1.1 Million Tons

Rescuable food in Israel during 2021
The combination of increased food waste, the climate crisis, the high proportion of Israeli households living with food insecurity, and resultant health and economic costs, all indicate that food rescue needs to become a key national policy tool.

Rescuing Food: Economic, Social, Health, and Environmental Benefits

The combination of increased food waste, the climate crisis, the high proportion of Israeli households living with food insecurity, and resultant health and economic costs, all indicate that food rescue needs to become a key national policy tool.
The phenomenon of food waste is not unique to Israel. This problem exists worldwide, and to a similar extent in all Western economies. According to UN estimates, in terms of quantity, over a third of all food produced is wasted, or about a quarter of it, in terms of caloric value.

The Economic-Environmental Hierarchy of Food Recovery

Source: EPA

The European Union’s Waste Framework Directive established a hierarchy of priorities for handling unconsumed food. Each level in the hierarchy highlights a different management strategy for reducing food waste. The clear priority is on preventing food waste and using rescued food to feed disadvantaged populations. These strategies have the greatest environmental, economic, and social benefits, and therefore most effectively address the problem.

There are many policy tools to help disadvantaged populations and address food insecurity. In Israel, the most common policy measures are donations, subsidies, stipends, and relief assistance. Food rescue is unique in that it assists people in need, at a low cost, as it is only necessary to finance the cost of rescuing the food, rather than the full cost of purchasing it.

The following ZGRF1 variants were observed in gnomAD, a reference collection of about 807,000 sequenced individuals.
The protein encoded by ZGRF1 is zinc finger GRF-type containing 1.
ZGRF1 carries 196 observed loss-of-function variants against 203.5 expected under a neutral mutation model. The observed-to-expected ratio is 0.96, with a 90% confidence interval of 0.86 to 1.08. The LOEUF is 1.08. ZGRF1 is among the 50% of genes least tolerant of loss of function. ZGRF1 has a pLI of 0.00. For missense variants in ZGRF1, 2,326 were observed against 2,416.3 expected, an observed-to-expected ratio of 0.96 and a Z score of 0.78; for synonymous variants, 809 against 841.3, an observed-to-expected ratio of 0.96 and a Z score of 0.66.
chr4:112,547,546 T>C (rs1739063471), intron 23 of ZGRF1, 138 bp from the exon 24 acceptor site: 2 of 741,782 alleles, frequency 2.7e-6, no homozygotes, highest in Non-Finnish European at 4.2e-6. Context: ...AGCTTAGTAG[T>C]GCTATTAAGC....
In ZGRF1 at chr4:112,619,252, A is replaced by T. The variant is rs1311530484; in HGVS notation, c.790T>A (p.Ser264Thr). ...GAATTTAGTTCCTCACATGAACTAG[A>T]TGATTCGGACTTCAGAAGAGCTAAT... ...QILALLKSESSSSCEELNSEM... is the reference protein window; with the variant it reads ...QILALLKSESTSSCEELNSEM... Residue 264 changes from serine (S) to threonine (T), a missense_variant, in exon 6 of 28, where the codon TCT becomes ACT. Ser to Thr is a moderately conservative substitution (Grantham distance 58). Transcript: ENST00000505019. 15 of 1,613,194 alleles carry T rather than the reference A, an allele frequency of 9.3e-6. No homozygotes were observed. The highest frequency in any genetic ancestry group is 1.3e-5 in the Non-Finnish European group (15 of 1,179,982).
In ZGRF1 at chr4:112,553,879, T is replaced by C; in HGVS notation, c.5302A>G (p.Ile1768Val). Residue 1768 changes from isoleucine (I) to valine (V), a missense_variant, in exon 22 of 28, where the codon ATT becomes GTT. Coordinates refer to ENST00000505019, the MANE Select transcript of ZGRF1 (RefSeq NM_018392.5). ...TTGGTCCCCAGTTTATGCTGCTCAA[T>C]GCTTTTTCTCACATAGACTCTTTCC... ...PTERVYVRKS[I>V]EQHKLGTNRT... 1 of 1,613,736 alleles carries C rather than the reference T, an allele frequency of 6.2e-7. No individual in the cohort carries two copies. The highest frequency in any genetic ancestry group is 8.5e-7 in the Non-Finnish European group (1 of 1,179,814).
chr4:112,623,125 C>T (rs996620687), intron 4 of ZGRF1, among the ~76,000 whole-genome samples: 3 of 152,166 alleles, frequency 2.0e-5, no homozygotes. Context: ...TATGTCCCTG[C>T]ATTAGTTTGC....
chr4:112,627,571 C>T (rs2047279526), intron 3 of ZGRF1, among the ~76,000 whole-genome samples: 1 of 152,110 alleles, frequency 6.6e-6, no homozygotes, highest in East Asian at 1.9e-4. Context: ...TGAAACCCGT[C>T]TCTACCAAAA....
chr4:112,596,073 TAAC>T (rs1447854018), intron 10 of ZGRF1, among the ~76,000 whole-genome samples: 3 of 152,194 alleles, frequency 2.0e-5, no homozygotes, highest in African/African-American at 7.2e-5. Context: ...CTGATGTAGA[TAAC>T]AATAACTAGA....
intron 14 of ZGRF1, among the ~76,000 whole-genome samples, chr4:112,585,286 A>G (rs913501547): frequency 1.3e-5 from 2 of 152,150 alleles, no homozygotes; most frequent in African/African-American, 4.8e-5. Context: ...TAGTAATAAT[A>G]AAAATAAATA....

There is a socio-economic debate, in Israel and around the world, between an approach whose central goal is encouraging growth (“growing the pie”) verses reducing inequality. Rescuing food waste intrinsically combines these approaches. Distributing rescued food to disadvantaged populations increases economic output while reducing inequality.

Additionally, food rescue policies can increase food reserves and promote food security in times of crisis and emergencies that disrupt local and global food supplies, such as the Covid-19 pandemic and climate change.

There are four main benefits of rescuing food

1. Economic

Food waste decreases economic productivity, since investments and labor inputs are lost. Wasted food with no value or a negative value is given positive economic value when rescued and distributed for consumption by disadvantaged populations who benefit from its full nutritional value. Food rescue increases economic output and productivity, since its cost is lower than the cost of investing, producing, and transporting additional food products.

2. Social

The costs of food waste along the entire value chain, from growing and producing food, through marketing, distribution, and consumption, are ultimately paid by consumers. This affects the cost of living in Israel. Food rescue can reduce social disparities, lower the cost of living, and lessen food insecurity among disadvantaged sectors of the population.

3. Health

Food security is not measured only in caloric terms, but also relates to the nutritional value and quality of the food. Being able to afford healthy food that provides adequate and essential nutrition for physical, emotional, and cognitive functioning is a necessary aspect of realizing food security. On a personal level, food insecurity is a risk factor for chronic physical and mental illness, lower academic achievements, and diminished earning capacity. On a national level, it leads to economic distress, increased healthcare expenses, and lower productivity. Rescuing healthy food, particularly fruit and vegetables, and distributing it to people in need, may lower the proportion of the population that lives with food insecurity and thus improve their health. This can reduce unnecessary healthcare costs borne by the Israeli economy.